This spring, emocha enrolled 24 pediatric asthma patients in a pioneering 60-day video Directly Observed Therapy program to address inhaler adherence and technique. These patients received an innovative and creative welcome to emocha: enrollment boxes, including a phone stand to help record video check-ins, instructional materials, calendars and stickers to track progress, and more. The aim of the enrollment kits was to form a physical connection between patients and emocha’s digital product—to give the children using emocha a tangible reminder of their medication and the program. “We want to create a compelling experience that patients are engaged with end to end,” Chief Design Officer Amanda Allen says. “Beautifully designed experiences win and outcomes follow.” 

These enrollment kits were envisioned and assembled by emocha’s design team, led by Allen who works alongside Product Designer Maythana Paquete and UX/UI Designer Dahye Yoo. At emocha, designers’ work extends far beyond the purely visual aspects of the product and service. “It’s not often that designers get such a huge say in how the product is formed,” Paquete says. Designers’ responsibilities at emocha span the entire breadth of the company: from product to marketing to user experience. “Being a designer at emocha is a little bit different from traditional designers—we get to participate in every sector of the company,” Yoo says. 

Design at emocha is about ensuring patients feel the human connection that is at the cornerstone of what we do. “Yes, we want them to download an app and build medication habits, but we also want them to know someone has their back—that a real human on the other end of their video check-in is looking out for them, encouraging them, escalating anything of concern to the right person,” Allen says. The team works constantly to reinforce and improve the user experience and connection to emocha. 

emocha’s rapid expansion and moves into new markets, including new disease states, research projects, and use cases like COVID-19 symptoms monitoring has presented the design team with both challenges and benefits. “We are learning so much because we are able to move so fast, we can see what works and what doesn’t work and are able to continuously improve from the feedback,” Paquete says. Increased automation has enabled this expansion. “Because we are human-powered, automation helps you best allocate those human resources so they have the most impact on patient health and satisfaction,” Paquete says.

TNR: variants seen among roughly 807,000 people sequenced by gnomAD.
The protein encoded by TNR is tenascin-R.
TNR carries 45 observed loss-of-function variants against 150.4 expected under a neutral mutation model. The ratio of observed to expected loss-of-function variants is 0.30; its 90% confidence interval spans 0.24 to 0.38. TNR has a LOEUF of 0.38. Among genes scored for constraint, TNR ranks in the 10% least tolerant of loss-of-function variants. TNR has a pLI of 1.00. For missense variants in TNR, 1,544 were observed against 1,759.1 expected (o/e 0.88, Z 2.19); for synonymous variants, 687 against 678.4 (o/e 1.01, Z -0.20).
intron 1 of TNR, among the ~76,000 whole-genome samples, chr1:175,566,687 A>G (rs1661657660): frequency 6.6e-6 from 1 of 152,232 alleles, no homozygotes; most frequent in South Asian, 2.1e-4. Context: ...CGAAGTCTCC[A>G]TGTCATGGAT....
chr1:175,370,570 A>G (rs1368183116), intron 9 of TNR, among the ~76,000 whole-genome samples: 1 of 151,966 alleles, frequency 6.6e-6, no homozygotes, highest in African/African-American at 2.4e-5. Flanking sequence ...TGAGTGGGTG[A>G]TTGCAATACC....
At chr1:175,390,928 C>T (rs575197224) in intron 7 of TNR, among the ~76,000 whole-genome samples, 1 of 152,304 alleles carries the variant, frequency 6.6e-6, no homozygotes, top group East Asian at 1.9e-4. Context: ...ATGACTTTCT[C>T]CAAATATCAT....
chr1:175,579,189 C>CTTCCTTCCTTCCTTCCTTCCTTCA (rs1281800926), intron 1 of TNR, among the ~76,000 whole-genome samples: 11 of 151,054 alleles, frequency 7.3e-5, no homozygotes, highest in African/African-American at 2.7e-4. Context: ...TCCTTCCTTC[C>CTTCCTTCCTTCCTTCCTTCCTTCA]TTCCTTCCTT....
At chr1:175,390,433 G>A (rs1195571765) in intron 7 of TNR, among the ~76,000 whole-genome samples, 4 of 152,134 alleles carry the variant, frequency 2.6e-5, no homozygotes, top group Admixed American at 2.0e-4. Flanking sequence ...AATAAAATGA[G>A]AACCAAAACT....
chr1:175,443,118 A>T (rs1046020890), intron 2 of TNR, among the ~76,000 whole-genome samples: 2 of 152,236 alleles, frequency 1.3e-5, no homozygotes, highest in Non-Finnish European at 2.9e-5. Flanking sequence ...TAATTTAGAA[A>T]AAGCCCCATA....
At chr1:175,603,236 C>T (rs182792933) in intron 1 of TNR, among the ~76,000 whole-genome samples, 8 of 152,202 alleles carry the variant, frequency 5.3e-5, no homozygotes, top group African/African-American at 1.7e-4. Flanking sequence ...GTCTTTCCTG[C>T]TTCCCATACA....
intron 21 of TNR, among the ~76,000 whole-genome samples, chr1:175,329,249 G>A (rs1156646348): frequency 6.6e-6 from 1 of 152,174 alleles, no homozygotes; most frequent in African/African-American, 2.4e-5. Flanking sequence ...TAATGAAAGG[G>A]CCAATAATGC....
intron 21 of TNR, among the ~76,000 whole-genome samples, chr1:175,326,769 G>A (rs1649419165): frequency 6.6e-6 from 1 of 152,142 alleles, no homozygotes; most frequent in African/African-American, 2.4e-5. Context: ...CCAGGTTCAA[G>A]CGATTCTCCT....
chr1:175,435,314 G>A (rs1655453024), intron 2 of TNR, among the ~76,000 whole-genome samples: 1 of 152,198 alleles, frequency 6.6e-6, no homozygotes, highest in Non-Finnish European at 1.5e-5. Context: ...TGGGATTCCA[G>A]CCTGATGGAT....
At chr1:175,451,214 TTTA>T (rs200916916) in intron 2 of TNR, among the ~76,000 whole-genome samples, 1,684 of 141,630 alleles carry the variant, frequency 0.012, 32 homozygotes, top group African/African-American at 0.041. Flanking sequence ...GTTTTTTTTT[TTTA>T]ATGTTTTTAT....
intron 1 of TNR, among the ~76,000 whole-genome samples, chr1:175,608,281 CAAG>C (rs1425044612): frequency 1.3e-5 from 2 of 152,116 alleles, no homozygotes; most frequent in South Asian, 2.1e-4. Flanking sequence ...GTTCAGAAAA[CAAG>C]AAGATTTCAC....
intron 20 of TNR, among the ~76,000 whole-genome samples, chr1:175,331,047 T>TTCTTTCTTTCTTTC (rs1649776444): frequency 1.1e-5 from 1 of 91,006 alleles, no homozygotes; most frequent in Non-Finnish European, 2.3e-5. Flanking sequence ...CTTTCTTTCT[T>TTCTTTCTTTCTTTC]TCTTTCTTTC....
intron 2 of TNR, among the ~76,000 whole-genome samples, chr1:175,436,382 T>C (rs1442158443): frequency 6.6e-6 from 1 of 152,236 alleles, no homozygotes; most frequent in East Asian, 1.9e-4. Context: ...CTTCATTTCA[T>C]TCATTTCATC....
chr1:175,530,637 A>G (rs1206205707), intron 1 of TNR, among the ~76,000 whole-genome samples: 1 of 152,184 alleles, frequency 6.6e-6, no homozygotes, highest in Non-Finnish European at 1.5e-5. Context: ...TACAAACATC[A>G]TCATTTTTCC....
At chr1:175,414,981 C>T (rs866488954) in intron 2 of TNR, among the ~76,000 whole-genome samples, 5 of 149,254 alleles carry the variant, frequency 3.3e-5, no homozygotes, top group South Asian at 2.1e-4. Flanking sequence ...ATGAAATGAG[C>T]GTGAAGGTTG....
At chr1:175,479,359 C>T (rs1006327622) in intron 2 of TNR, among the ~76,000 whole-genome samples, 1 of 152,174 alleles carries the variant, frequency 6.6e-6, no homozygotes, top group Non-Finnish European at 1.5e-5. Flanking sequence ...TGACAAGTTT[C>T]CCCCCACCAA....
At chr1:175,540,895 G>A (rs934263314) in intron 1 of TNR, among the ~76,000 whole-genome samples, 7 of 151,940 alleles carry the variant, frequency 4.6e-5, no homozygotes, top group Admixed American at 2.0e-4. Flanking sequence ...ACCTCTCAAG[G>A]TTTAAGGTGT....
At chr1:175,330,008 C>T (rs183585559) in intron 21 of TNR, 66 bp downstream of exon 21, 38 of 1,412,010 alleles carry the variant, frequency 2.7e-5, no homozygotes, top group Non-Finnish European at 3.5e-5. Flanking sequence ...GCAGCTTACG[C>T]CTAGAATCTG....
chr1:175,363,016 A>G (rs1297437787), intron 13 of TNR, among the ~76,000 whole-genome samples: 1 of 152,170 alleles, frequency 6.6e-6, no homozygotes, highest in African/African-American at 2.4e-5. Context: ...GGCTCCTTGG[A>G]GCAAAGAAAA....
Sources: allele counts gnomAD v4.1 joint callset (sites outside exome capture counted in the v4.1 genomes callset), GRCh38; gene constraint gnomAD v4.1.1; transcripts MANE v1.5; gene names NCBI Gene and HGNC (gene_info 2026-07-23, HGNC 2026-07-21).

But automation and reliance on technology come with limitations as well. “Automation is a powerful tool that allows us to engage large patient volumes, but we’re aware of its limits,” Allen says. “Technology should always amplify — not replace — the role humans play in healthcare.” It is the design team’s mission to ensure that emocha’s platform continues to make patients feel empowered to take every dose of medication. “The piece that is important for us to scale correctly is trying to avoid having someone feel like they are talking about their very sensitive health information to a chat box,” Paquete says. “At that point, we really aren’t serving our mission.” 

As a fast-growing company that has pivoted to provide the best possible service for customers, emocha’s service and products are constantly changing, while its mission—to empower every patient, at every dose, through technology and human engagement—remains the same. At emocha, the design team translates that mission into an ever-evolving and improving user experience.